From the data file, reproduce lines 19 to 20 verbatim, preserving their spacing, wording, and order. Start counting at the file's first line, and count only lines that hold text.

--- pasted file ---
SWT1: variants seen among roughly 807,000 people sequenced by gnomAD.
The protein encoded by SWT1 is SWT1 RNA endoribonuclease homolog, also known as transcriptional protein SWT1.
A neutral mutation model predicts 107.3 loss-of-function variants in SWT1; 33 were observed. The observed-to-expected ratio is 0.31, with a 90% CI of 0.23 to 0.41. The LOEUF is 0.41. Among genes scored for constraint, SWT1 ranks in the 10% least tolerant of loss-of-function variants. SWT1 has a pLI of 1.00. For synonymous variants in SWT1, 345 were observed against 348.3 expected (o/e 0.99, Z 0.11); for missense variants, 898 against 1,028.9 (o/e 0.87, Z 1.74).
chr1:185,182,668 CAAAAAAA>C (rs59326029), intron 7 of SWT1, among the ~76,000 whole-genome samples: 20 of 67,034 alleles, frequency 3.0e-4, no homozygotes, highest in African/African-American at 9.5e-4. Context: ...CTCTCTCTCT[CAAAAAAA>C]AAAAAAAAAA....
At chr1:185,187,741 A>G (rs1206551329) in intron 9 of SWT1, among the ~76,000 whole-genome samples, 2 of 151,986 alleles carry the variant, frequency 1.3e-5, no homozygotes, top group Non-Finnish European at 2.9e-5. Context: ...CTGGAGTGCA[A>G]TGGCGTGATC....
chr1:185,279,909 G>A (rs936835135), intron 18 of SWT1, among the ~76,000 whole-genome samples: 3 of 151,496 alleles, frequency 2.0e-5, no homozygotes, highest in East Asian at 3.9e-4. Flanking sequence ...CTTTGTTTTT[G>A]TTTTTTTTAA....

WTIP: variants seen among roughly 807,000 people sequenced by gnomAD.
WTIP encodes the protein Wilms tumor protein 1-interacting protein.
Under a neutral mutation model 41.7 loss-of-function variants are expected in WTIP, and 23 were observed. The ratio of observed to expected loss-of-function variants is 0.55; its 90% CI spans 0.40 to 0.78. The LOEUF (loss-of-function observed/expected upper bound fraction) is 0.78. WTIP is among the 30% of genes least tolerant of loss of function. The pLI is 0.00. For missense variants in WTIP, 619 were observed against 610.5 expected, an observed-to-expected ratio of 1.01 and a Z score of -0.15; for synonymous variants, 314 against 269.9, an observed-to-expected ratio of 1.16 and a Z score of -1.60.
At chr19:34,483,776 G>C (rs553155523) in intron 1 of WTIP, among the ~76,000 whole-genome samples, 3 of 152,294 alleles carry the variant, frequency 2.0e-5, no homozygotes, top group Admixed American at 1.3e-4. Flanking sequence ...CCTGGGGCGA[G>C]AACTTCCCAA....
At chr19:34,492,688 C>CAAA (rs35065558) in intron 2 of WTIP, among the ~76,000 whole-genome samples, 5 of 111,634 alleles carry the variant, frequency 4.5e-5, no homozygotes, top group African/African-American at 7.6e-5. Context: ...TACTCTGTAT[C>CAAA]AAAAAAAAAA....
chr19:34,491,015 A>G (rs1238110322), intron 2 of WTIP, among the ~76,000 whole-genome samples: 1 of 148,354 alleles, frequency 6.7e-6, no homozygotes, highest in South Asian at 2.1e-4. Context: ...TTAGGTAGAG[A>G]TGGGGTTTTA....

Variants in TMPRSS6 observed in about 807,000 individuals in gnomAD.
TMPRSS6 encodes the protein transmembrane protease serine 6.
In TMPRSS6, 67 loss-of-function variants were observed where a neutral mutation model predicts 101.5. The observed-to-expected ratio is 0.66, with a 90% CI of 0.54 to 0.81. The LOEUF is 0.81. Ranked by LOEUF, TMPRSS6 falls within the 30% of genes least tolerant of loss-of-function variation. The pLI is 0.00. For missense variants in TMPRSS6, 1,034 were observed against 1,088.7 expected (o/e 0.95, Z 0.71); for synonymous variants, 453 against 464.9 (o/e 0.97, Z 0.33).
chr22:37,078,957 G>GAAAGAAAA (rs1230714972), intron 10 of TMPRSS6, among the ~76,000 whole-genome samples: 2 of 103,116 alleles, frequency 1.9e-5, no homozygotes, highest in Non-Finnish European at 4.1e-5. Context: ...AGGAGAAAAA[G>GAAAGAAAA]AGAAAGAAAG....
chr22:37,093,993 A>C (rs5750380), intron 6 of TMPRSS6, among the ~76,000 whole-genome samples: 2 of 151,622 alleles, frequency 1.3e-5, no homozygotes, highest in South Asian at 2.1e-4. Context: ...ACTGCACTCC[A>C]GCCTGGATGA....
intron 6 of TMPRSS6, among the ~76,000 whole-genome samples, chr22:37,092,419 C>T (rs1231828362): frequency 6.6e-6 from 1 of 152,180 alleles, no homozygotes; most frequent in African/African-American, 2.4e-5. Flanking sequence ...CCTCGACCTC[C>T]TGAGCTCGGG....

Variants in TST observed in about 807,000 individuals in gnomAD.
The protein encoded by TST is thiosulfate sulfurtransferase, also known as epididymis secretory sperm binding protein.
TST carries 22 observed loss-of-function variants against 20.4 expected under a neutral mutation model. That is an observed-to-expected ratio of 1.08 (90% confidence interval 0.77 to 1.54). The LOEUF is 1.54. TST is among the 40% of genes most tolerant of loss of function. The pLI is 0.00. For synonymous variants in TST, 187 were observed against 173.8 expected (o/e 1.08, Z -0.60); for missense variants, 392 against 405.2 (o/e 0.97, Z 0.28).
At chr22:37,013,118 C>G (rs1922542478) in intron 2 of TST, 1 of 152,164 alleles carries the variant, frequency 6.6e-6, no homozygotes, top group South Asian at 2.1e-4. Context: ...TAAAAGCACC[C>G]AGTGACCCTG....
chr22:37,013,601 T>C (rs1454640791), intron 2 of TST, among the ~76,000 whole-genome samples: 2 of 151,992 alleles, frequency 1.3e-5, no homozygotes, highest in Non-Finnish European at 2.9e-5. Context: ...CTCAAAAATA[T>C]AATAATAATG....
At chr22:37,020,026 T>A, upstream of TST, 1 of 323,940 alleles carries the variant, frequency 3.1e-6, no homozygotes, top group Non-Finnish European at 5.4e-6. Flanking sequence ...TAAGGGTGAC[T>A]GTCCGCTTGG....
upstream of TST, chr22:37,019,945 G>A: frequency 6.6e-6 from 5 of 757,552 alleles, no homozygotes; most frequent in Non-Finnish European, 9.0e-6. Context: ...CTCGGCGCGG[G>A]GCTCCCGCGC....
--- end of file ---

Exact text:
Variants in TST observed in about 807,000 individuals in gnomAD.
The protein encoded by TST is thiosulfate sulfurtransferase, also known as epididymis secretory sperm binding protein.